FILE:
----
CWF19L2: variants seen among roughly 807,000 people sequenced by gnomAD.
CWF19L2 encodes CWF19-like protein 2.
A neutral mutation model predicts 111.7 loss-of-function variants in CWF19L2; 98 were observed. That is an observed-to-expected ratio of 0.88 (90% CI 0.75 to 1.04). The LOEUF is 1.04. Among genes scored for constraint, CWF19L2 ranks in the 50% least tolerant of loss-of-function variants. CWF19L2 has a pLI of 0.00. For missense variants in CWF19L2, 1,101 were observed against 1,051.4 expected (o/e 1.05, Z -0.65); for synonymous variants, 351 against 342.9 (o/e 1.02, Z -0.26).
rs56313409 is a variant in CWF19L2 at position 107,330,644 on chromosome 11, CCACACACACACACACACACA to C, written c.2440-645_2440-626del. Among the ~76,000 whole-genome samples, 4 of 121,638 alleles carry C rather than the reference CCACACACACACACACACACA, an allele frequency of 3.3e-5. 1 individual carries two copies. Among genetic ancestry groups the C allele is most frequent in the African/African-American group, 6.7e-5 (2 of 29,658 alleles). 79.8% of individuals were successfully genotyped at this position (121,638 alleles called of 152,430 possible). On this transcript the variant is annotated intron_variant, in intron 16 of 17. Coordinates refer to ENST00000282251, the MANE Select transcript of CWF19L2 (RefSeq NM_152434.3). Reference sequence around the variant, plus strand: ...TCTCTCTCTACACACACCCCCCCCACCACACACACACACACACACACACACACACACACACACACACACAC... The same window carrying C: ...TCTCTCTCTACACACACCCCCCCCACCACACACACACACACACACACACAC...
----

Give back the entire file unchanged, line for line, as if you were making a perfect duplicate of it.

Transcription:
CWF19L2: variants seen among roughly 807,000 people sequenced by gnomAD.
CWF19L2 encodes CWF19-like protein 2.
A neutral mutation model predicts 111.7 loss-of-function variants in CWF19L2; 98 were observed. That is an observed-to-expected ratio of 0.88 (90% CI 0.75 to 1.04). The LOEUF is 1.04. Among genes scored for constraint, CWF19L2 ranks in the 50% least tolerant of loss-of-function variants. CWF19L2 has a pLI of 0.00. For missense variants in CWF19L2, 1,101 were observed against 1,051.4 expected (o/e 1.05, Z -0.65); for synonymous variants, 351 against 342.9 (o/e 1.02, Z -0.26).
rs56313409 is a variant in CWF19L2 at position 107,330,644 on chromosome 11, CCACACACACACACACACACA to C, written c.2440-645_2440-626del. Among the ~76,000 whole-genome samples, 4 of 121,638 alleles carry C rather than the reference CCACACACACACACACACACA, an allele frequency of 3.3e-5. 1 individual carries two copies. Among genetic ancestry groups the C allele is most frequent in the African/African-American group, 6.7e-5 (2 of 29,658 alleles). 79.8% of individuals were successfully genotyped at this position (121,638 alleles called of 152,430 possible). On this transcript the variant is annotated intron_variant, in intron 16 of 17. Coordinates refer to ENST00000282251, the MANE Select transcript of CWF19L2 (RefSeq NM_152434.3). Reference sequence around the variant, plus strand: ...TCTCTCTCTACACACACCCCCCCCACCACACACACACACACACACACACACACACACACACACACACACAC... The same window carrying C: ...TCTCTCTCTACACACACCCCCCCCACCACACACACACACACACACACACAC...